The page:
Four management styles – Two to avoid and two to mirror

Throughout my years as a credit union marketing consultant, I’ve witnessed countless interactions between staff, managers, CEOs, Boards and members. Some of those interactions were impressive, while others were absolutely cringeworthy. I’ve noticed a lot of behaviors and I thought I’d share some real-life observations. I’ll disclose that only one CEO from the stories below still works at the credit union. The others have retired. But I wanted to highlight some very clear management styles that can make or break the productivity of an organization.

  1. The Light Switch

We had been working with a credit union for a few years, and our Strategic Planning Meeting was on the calendar. After we had our meeting scheduled with the entire management team, the CEO realized he had a legal matter to handle the morning of our meeting. Instead of trying to reschedule, he suggested that we keep the date, and he would arrive later. I typically only dealt with the CEO, and I was looking forward to getting to know the management team, since I rarely interacted with them.

I arrived at the credit union, and our meeting started at 8:30am sans the CEO. I had a very engaging discussion with the management team. Everyone was personable, conversational, ideas and suggestions were plentiful, and the creative thinking skills were on full display. The discussion was both productive and enlightening. This team really had fantastic ideas, and we had some great foundational talking points to build on throughout the day.

Around 10:30am, the CEO arrived. I took a few minutes and briefed him on our discussion, and then I proceeded with the meeting.

Upon his arrival, the “light switch” flipped.

This team of people that was so animated, engaging and full of ideas, was now intimidated, quiet and reserved. Trying to get them to participate in this meeting after the CEO arrived was literally like pulling teeth. Their personalities and demeanors completely changed in his presence. Nobody laughed, spoke up, or shared a thought.

I was flabbergasted.

Throughout the day, whenever I asked a question, they all waited to see how the CEO would respond, and then they followed his lead. Not one person disagreed with him. The independent thinking and outside the box discussion topics were gone for the remainder of the meeting. I have to believe that this team had learned these behaviors from previous interactions with the CEO. I’ve often wondered how this credit union would have performed under a leader who allowed and embraced ideas and suggestions from his team.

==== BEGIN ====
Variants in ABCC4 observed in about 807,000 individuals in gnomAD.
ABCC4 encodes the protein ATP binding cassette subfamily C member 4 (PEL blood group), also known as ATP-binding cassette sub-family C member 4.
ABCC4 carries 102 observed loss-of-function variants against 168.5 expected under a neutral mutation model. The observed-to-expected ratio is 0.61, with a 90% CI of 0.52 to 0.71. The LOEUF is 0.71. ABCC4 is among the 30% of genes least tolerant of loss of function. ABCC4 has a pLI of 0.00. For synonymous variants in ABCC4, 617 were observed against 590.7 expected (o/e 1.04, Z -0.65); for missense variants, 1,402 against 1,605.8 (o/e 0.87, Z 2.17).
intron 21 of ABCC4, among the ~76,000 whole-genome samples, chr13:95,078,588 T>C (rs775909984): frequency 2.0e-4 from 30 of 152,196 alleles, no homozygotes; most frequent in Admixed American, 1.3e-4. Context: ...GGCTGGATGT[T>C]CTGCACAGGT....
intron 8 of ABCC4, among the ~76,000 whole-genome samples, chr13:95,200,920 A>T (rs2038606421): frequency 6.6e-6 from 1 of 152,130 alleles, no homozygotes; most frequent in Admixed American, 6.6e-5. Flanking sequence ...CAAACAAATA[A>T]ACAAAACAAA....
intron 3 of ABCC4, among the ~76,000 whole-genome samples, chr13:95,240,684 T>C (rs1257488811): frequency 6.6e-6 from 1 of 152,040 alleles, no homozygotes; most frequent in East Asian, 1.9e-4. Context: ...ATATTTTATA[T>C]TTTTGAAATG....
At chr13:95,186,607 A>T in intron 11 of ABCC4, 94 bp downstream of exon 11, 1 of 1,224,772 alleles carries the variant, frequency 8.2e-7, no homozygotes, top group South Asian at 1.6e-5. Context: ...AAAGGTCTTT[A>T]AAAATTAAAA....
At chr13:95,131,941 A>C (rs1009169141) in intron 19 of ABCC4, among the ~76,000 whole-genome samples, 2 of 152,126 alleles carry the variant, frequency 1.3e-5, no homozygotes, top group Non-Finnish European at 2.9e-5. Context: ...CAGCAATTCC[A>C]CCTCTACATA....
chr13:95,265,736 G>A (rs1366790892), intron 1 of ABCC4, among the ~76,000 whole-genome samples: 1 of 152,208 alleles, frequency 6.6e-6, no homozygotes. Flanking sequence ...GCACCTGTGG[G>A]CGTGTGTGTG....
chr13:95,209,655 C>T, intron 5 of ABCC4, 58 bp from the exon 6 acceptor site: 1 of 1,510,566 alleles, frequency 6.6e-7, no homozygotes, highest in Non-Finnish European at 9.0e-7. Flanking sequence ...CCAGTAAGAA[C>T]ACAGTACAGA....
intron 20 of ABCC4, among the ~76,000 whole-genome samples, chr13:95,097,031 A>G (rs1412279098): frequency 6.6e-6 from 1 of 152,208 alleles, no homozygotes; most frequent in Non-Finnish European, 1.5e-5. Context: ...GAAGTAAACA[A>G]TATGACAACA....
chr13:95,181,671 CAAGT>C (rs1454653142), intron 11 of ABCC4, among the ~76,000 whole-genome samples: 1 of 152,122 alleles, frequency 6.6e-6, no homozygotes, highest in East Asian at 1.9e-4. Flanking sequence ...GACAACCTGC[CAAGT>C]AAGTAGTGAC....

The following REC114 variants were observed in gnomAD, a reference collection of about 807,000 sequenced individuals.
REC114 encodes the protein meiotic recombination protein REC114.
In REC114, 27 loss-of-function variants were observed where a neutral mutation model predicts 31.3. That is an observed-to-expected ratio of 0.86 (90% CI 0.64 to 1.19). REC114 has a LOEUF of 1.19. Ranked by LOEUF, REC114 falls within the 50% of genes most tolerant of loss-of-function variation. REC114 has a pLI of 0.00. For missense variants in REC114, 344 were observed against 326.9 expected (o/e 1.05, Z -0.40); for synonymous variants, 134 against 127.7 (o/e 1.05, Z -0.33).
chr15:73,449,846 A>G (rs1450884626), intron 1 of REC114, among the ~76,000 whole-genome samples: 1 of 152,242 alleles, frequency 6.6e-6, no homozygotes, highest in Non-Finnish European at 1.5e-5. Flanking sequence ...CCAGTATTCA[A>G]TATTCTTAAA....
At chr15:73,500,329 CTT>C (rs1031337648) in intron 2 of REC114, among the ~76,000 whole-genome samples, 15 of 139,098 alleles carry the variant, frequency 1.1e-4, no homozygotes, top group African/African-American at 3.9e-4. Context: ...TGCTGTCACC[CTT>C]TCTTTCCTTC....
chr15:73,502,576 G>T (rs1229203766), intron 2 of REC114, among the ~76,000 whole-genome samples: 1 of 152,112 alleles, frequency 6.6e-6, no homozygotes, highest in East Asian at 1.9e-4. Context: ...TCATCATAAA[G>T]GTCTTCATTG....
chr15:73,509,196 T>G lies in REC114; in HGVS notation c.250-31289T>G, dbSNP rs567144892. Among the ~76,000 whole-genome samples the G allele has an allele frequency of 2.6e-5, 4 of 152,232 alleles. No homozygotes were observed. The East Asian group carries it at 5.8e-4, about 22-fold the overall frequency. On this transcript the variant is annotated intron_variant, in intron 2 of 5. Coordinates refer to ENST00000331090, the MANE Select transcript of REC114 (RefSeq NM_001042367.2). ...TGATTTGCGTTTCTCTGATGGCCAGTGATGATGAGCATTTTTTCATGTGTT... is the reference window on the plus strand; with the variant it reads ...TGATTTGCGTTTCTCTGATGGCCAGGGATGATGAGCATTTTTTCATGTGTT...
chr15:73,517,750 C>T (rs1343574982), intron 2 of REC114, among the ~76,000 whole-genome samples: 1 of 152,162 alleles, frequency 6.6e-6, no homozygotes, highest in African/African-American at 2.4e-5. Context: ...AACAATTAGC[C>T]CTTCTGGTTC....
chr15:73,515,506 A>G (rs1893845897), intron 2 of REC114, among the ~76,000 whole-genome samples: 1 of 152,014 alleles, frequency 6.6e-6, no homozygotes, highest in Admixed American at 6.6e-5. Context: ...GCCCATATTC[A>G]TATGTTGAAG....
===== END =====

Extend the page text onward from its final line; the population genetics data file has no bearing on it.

1. The Sky’s the Limit

I had a relatively new client, who asked me to facilitate their Strategic Planning Meeting with the entire Board and staff. This credit union had a lot of young talent and was relatively small in size ($29M) and a staff of less than 10. The CEO informed me ahead of time that several employees would be giving presentations about their departments.

I had no idea what to expect.

I started the meeting with a general overview and defined the day’s objectives, and the CEO introduced the first speaker. The Lending Department (one person) gave a meticulously detailed overview of the lending activities. She had a complete analysis of the year compared to the previous year. She prepared a breakdown of loans, dollar amount per loan type; debt ratios and averages; credit score analysis of members who applied for loans; a payment analysis; a loan fees breakdown; GAP/Warranty analysis; paid off loans report; delinquency report by loan type; charge off report; and a loan denial report by number, credit score, and dollar requested. I could go on, but you get the idea. This analytical report was extraordinary to say the least.

Next up was the Debit/Credit Card Department. Her report was just as detailed regarding ratios, statistics, interchange income and more pertaining to the debit card and credit card portfolios. Then we heard from the Collections Department, and she did not disappoint. The Finance Department and Services Department followed, and their reports were just as meticulously detailed as the others. Ratios, trends, income, expenses, numbers, percentages and comparisons. Everyone’s report included those elements and more.

I was astonished with each person’s presentation, the amount of research and preparation, the thoroughness, as well as their ability to present the information to the Board and answer questions.

About a month after this meeting, I was talking with the CEO. I asked her about her employees and her management style. I’ll never forget what she told me. She said that she wanted her employees to know that the sky was the limit. She empowered them, gave them the tools to do their job, and allowed them to do it. Each year, one employee attended a national conference of their choice. She encouraged them to network and learn new tasks. She told them they were in charge of their respective departments. And they each took that role seriously.